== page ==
In a new Twitter thread, Cobra spoke about the “biggest threat” to the Bitcoin ecosystem. Even though many crypto-enthusiasts believe that governments and technological issues were the biggest threats to the king coin, Cobra had a completely different opinion.

According to the Bitcoin maximalist, users have the potential to signal Bitcoin’s doom. His tweet read,

Source: Twitter

Source: Twitter

Though most Bitcoin supporters usually support his opinions, this tweet was met with a lot of resistance. Twitterati swarmed the thread in an attempt to prove him wrong. A user named @MrHodl alleged that this could not be true as Bitcoin had “no community.” He added that this, in turn, prevented toxicity in the ecosystem.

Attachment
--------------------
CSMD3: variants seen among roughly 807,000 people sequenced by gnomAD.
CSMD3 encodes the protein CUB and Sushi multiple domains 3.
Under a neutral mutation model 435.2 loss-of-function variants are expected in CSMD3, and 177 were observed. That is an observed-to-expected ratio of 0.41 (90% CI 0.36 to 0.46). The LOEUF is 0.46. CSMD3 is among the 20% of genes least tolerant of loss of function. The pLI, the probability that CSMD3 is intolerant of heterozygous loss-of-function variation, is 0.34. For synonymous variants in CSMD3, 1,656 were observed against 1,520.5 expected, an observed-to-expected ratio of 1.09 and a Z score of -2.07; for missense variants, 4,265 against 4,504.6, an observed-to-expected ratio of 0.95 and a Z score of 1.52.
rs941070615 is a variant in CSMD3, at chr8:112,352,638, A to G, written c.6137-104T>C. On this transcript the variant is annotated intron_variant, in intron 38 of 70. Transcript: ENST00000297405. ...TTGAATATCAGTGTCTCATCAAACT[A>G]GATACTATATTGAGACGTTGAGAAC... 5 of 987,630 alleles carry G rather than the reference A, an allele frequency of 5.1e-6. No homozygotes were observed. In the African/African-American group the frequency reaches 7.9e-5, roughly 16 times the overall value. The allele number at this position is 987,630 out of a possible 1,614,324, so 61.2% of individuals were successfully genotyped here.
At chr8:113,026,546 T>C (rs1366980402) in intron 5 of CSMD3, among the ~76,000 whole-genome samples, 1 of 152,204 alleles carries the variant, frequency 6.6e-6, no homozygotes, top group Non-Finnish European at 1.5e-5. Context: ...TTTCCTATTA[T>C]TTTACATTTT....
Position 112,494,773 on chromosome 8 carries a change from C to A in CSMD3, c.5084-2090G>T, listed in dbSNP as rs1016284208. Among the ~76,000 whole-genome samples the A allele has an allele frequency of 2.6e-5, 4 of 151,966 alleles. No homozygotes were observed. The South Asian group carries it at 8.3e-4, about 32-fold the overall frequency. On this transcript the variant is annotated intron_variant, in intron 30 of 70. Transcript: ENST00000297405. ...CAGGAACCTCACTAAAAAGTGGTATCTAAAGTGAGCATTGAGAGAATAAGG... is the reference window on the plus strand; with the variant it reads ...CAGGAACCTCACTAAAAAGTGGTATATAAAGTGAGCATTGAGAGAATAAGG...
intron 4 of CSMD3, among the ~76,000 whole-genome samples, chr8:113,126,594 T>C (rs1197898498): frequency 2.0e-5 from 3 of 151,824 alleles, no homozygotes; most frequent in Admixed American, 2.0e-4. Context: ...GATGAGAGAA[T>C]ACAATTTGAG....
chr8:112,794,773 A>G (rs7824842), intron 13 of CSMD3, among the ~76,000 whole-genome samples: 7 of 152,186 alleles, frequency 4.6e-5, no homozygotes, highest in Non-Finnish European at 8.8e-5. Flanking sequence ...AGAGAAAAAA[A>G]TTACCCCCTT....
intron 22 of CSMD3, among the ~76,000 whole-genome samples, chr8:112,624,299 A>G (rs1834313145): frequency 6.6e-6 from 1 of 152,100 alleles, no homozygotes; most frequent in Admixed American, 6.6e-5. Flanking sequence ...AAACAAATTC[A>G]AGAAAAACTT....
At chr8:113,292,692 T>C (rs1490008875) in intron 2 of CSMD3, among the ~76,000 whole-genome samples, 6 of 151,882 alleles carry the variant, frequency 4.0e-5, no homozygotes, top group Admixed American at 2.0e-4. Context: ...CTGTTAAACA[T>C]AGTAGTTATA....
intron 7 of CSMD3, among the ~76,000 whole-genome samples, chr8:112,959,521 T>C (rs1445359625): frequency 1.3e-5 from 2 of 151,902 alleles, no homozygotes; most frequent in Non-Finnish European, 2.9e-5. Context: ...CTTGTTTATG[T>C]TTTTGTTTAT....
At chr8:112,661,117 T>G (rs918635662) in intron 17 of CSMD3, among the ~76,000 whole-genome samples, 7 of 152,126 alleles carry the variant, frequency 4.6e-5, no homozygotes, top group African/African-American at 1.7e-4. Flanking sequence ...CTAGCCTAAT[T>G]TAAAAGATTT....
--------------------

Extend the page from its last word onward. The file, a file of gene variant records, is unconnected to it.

Cobra replied to the tweet stating,



“I think there is a community, it’s just not fully representative of everyone with a stake in Bitcoin. Most holders are quiet and not too familiar with what’s going on. There’s people with 1000+ BTC and they don’t engage at all with discussion platforms, just lurk.”

Some Twitter users took it as an attack on Bitcoin investors and opposed Cobra’s stance. A user @CarstenBKK commented,

“Maybe I am lost in translation. What do you wanna tell us? That you are part of Bitcoin network of people owning/using it, but you are just disgusted by the idea, that the network is called community in the sense of direct human collaboration and affection to the groups ideals?”

Previously, Cobra had accused Twitter’s Jack Dorsey and Square Crypto of pandering to Bitcoin users, while also suggesting that the crypto project was merely a way to bring in more users for Dorsey’s CashApp. His tweet read,

“Gotta respect how hard @sqcrypto is pandering to Bitcoiners. Very clever how @Jack has embedded himself in the community; in return the community promotes @CashApp, which gives that service a small but dedicated and activist group of early users.”